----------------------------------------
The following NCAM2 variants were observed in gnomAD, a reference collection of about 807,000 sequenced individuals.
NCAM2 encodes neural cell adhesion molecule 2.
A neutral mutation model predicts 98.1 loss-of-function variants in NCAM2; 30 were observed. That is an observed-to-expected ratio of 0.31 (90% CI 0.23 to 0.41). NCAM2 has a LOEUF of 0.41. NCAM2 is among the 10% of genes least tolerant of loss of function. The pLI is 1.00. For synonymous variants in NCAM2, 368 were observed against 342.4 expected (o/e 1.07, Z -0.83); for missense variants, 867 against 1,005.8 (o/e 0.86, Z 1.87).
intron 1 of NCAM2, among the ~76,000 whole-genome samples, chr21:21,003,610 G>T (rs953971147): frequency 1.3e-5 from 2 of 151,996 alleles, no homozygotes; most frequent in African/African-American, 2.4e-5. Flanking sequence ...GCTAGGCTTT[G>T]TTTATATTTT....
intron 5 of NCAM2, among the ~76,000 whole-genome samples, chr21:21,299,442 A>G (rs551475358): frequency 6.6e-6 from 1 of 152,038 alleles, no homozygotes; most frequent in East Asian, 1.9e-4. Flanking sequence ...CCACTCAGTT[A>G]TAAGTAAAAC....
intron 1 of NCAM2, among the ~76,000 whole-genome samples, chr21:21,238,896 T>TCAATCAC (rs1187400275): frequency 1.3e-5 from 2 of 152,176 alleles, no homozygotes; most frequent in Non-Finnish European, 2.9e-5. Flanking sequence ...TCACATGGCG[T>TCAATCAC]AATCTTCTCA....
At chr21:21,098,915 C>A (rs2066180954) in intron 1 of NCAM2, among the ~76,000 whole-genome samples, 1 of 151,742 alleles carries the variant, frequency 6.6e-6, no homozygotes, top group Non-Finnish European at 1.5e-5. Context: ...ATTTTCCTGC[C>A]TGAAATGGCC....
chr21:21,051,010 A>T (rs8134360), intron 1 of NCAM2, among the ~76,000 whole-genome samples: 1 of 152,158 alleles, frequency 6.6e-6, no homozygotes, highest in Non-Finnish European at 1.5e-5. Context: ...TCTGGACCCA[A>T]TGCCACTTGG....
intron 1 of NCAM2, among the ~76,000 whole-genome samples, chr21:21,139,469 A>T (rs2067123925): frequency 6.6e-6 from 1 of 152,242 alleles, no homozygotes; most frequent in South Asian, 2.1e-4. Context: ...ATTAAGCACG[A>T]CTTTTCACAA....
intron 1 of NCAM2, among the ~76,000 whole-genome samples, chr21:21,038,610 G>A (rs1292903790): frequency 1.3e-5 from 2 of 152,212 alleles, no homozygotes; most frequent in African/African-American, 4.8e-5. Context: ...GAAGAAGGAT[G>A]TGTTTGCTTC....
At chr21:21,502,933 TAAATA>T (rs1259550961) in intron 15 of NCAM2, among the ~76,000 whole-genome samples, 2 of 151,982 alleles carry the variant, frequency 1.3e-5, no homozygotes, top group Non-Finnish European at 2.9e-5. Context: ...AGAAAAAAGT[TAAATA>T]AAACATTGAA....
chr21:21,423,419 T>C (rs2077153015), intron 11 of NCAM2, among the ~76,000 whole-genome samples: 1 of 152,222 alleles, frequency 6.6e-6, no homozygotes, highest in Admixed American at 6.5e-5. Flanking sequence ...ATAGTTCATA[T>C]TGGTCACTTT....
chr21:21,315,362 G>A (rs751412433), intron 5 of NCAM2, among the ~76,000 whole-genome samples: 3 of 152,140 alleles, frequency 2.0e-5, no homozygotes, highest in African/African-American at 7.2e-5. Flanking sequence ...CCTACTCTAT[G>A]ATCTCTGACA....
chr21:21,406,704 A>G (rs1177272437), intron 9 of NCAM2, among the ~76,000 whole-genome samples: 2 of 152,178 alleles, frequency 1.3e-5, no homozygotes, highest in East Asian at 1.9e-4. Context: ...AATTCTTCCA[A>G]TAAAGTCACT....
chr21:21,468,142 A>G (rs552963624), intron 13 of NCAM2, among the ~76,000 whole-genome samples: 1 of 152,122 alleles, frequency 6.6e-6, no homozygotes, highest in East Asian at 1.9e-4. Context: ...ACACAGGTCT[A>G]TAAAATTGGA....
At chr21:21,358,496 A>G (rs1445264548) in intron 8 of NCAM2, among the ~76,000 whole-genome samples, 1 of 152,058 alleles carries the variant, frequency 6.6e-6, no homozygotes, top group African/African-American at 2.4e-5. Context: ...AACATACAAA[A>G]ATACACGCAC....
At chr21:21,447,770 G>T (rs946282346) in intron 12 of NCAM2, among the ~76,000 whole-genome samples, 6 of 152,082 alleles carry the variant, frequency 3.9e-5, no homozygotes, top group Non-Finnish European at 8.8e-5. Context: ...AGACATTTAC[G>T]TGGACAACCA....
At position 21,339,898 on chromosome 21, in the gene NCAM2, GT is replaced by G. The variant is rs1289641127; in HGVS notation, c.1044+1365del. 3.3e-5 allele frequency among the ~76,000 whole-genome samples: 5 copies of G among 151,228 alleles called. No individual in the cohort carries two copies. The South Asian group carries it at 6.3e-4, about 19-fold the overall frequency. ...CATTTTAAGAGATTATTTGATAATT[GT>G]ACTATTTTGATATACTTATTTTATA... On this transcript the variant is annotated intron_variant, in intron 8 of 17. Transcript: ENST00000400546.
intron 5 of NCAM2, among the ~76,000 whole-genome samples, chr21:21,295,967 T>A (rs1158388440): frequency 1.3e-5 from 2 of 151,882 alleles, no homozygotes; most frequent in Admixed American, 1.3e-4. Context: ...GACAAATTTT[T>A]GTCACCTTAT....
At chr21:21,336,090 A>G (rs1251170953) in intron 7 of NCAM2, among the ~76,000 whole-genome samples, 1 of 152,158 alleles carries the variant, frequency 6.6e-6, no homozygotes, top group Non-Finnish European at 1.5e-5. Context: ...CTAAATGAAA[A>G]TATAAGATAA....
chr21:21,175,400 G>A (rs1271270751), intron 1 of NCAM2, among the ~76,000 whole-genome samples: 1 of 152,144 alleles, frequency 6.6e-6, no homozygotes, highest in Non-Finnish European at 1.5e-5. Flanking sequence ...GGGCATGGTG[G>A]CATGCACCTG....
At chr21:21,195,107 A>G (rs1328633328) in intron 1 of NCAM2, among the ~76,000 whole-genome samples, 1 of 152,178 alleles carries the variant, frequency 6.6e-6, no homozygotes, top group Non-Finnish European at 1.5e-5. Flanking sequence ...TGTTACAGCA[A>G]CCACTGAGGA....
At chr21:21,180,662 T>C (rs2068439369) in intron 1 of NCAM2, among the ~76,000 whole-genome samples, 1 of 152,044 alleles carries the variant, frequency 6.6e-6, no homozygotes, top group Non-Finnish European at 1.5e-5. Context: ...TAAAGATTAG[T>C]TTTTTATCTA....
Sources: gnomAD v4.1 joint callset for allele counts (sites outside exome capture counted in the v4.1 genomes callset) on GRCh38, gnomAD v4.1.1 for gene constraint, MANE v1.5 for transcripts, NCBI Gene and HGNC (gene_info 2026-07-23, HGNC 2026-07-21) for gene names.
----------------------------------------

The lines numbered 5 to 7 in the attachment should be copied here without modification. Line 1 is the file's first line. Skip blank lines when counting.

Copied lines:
intron 5 of NCAM2, among the ~76,000 whole-genome samples, chr21:21,299,442 A>G (rs551475358): frequency 6.6e-6 from 1 of 152,038 alleles, no homozygotes; most frequent in East Asian, 1.9e-4. Flanking sequence ...CCACTCAGTT[A>G]TAAGTAAAAC....
intron 1 of NCAM2, among the ~76,000 whole-genome samples, chr21:21,238,896 T>TCAATCAC (rs1187400275): frequency 1.3e-5 from 2 of 152,176 alleles, no homozygotes; most frequent in Non-Finnish European, 2.9e-5. Flanking sequence ...TCACATGGCG[T>TCAATCAC]AATCTTCTCA....
At chr21:21,098,915 C>A (rs2066180954) in intron 1 of NCAM2, among the ~76,000 whole-genome samples, 1 of 151,742 alleles carries the variant, frequency 6.6e-6, no homozygotes, top group Non-Finnish European at 1.5e-5. Context: ...ATTTTCCTGC[C>A]TGAAATGGCC....